Cliff Andre

2019 Cowboy Hall of Fame Inductee

November 3, 1929 – January 11, 2019

Cliff Andre was born November 3, 1929 in Logan, Nebraska. He was the 4th of 7 children. At the age of 4, he rode his first horse when his 7-year old brother and he untied “Red” (a notoriously unpredictable gelding) that his dad tied up after checking cows. His brother and Cliff climbed aboard Red and went to riding him around the yard as his parents ran after them in an effort to save their boys from a wreck. Cliff was horseback ever since.

Perhaps it was this early connection with horses, but Cliff always had a “way” with them. He had an “eye” for a good horse, one that had the potential to be trained for ranch work. He enjoyed taking the time to start colts and finish green-broke horses into seasoned saddle horses. This was and still is his passion: to be horseback on a solid ranch horse.

At 16, Cliff ran away from home to work as a cowboy in southern Montana on the Crow Reservation on the M Bar Ranch and the SU Ranch (on land that is now the Little Big Horn Battlefield National Monument). Cliff rode with a couple different round-up wagons in Montana and Wyoming, and lived the life of a true cowboy. He wouldn’t see a house for 30 days at a time from April through October, making his bed roll out under the stars.

Around age 20, he returned to Nebraska. While working on the McPherrin Ranch located in the Stapleton, Nebraska area, he met the cook, Elyene Cumpston, from Arnold, Nebraska. The couple married on May 20, 1951. They had 4 children together.

Cliff always found work on various ranches in Nebraska and soon was sought after to be ranch foreman.

In  1962, Cliff worked for about 10 years as foreman on the Cody, Nebraska ranch of Elvin Adamson ( who later became the Senator of Nebraska). During that time, he served on the local School Board. Also, there was a nearby country Sunday School that met on Sunday evenings that was preparing to close. Cliff, Elyene, and their children stepped up to not only attend faithfully, but Cliff also gave financial support to ensure that this church would, indeed, thrive.

Also in the 1960’s, Cliff found himself competing in area team roping competitions as both header and heeler.  The one and only trophy buckle he won in his lifetime for the Round Lake Roping Club was, unfortunately, lost in a fire in his home a few years later.

In 1972, Cliff went to work as foreman for the Moursund Ranches in Cherry County, and he remained in that position for 18 years.  This was a large operation which ran approximately 10,000 mother cows.

One of the cowboys that worked for Cliff for several years on the Moursund Ranch in the 1980’s was Shawn Vineyard (Oshkosh, NE).  Vineyard had just graduated from high school and got hired on the Moursund Ranch.  He described Cliff as a fair and kind foreman.  Vineyard said, “Cliff would give anyone a chance at a job on the ranch.  If they worked hard (because Cliff worked hard at everything he did and expected that from his crew), they’d learn a lot and do well.  If they didn’t, they were gone.  He was an excellent teamster and preferred to feed livestock with a team of horses and a wagon.”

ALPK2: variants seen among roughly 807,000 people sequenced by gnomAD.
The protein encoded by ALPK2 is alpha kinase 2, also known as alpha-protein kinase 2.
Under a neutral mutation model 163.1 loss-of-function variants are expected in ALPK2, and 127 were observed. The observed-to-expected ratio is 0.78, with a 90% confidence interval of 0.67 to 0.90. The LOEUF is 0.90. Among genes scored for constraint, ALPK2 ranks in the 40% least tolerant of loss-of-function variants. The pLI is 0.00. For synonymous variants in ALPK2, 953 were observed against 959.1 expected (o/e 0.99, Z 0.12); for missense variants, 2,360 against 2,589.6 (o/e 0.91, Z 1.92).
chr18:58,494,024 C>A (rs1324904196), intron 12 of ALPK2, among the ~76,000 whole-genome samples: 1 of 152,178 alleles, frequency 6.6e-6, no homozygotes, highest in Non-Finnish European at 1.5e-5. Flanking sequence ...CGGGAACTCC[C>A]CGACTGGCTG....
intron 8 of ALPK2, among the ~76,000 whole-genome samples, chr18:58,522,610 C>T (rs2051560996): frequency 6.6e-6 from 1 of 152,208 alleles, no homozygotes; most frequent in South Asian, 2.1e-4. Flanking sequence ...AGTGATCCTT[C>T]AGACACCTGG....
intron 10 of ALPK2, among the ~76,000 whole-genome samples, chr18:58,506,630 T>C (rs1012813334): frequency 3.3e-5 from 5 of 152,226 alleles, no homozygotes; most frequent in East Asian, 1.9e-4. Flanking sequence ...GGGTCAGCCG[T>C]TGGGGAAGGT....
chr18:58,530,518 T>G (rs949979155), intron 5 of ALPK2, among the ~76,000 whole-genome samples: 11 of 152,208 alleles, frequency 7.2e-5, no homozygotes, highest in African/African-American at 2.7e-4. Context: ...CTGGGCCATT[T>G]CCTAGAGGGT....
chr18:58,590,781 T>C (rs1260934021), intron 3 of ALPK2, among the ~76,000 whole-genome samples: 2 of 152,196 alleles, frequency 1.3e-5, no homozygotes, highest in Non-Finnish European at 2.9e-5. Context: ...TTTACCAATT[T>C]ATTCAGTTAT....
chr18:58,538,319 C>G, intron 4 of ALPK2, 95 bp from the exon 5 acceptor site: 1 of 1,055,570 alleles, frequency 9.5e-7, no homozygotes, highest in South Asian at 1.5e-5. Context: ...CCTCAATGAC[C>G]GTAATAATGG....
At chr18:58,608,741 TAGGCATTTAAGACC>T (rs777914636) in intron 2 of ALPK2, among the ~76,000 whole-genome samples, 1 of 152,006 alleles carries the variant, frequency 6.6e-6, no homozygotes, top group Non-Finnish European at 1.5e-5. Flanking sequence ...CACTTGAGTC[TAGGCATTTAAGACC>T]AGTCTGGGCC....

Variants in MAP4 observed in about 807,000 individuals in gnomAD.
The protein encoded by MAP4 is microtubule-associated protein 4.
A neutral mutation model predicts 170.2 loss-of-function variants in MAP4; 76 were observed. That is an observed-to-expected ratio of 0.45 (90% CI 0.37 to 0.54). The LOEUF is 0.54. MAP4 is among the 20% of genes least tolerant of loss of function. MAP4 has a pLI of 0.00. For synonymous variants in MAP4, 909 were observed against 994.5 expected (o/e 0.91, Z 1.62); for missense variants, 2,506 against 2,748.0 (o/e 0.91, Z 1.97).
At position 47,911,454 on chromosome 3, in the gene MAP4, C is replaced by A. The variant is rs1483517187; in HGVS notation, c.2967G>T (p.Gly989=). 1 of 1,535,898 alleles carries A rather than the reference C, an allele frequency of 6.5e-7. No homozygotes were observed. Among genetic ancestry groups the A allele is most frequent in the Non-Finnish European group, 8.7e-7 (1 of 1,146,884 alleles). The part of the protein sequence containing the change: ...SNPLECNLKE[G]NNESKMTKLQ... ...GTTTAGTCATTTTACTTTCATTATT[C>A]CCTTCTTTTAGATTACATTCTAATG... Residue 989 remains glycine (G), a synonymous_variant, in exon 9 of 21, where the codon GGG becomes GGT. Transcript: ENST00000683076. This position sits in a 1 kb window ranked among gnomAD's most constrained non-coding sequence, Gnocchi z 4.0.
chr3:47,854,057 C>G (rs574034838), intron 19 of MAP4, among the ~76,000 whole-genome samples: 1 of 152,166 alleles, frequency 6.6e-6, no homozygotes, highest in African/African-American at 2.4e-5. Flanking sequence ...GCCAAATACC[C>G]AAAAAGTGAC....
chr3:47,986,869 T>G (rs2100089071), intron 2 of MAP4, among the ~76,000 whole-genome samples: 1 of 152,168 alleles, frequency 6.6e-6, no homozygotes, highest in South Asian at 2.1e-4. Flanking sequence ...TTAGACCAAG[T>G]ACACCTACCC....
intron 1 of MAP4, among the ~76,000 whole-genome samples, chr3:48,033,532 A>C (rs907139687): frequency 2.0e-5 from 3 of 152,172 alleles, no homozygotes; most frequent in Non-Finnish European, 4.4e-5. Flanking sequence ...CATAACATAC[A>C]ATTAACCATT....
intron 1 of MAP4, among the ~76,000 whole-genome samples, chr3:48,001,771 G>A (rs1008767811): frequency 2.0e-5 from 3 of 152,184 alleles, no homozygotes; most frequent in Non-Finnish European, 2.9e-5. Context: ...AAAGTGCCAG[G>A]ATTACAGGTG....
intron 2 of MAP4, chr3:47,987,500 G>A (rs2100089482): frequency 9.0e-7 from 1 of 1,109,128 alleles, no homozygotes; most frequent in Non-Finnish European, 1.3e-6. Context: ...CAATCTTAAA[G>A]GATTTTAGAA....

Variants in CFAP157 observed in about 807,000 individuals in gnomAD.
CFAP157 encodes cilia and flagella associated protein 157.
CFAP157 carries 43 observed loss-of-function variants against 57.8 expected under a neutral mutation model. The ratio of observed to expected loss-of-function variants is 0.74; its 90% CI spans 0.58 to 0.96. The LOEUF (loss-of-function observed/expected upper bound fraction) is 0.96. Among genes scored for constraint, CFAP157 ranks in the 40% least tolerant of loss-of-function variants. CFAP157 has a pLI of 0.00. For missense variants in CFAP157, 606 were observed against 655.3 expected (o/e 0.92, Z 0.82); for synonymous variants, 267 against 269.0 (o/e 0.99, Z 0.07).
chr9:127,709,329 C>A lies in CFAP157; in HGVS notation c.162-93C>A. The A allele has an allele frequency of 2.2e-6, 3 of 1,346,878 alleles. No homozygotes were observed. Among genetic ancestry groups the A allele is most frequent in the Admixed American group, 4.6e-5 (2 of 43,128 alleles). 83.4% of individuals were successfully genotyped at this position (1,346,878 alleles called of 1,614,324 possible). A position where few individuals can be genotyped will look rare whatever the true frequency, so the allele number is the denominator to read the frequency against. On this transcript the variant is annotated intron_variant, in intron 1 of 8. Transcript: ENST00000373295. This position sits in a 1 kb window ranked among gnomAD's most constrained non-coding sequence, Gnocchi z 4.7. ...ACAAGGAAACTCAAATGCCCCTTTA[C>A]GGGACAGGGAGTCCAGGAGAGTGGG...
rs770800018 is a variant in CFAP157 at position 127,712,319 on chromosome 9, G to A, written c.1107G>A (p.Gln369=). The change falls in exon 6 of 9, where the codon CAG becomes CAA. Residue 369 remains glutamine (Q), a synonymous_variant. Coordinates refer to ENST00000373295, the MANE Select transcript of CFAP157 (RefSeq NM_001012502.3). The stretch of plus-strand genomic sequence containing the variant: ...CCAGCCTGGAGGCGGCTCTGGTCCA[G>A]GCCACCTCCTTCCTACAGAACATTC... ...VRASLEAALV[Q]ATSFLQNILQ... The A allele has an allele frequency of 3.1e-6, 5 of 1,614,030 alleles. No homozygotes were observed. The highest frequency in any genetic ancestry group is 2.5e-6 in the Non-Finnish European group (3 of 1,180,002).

At age 67, Cliff retired from his foreman’s position at the Fawn Lake Ranch (Gordon, NE) and moved to McGrew, Nebraska.  He discovered himself looking after cattle for his friends and neighbors when they needed his help as well as his own herd.  During this time, he served on the Board of Directors for the Community Bible Church of Bayard, Nebraska.

During 2002-2005, Cliff was wagon master for a modern-day wagon train along Nebraska’s Oregon Trail.  This tourist adventure was owned by Gordon Howard.  For 4 days, tourists rode in one of the five horse-drawn wagons or could jump out to walk along in the footsteps of the pioneers.  At the end of the day, the wagons were circled.  Then the camp cook prepared chuck wagon suppers for up to 35 vacationers and crew every other week during the summers.

On March 27, 2006, on her birthday, Elyene passed away.  Cliff later married a long-time friend, Claire Wise, on November 24th, 2007.  He moved to her home in Morrison, Colorado, and immediately found a job as a wrangler at Bear Creek Stables.  Each year from April through October, Cliff guides trail rides, drives the team for wagon rides, and teaches private horseback riding lessons.

In the month of January, Cliff works at the Bear Creek Stables’ booth at the National Western Stock Show where folks can have their photo taken while sitting on a Texas longhorn or Brahma steer and/or a Percheron or Clydesdale gelding.

To date, Cliff Andre, at age 88, maintains his ranching lifestyle and his connection to his roots with the Nebraska Sandhills.  He still owns cattle in the Kimball area of Nebraska and returns for the annual branding every spring and weaning in the fall.

His story isn’t over.  At any moment, he’s ready to ride horseback to teach a student to ride or to guide vacationers on a trail ride.  He’s “on-call” to drive the team of Belgians for wagon rides in parades and special events.  His snap-western shirt, Levi’s, boots, hat and wild rag are his daily attire setting him apart and identifying him for who he is: a rancher, a cowman.  He says it’s all he’s ever known.

This lifestyle that he was truly called to live for his entire life all began for Cliff Andre in the midst of the Nebraska Sandhills…

…Where cattle are plenty and people are few,

Where windmills are scattered in pastures, you’ll view

A lone cowboy ridin’, his dog by his side.

He’s checkin’ the cattle; his soul’s satisfied.

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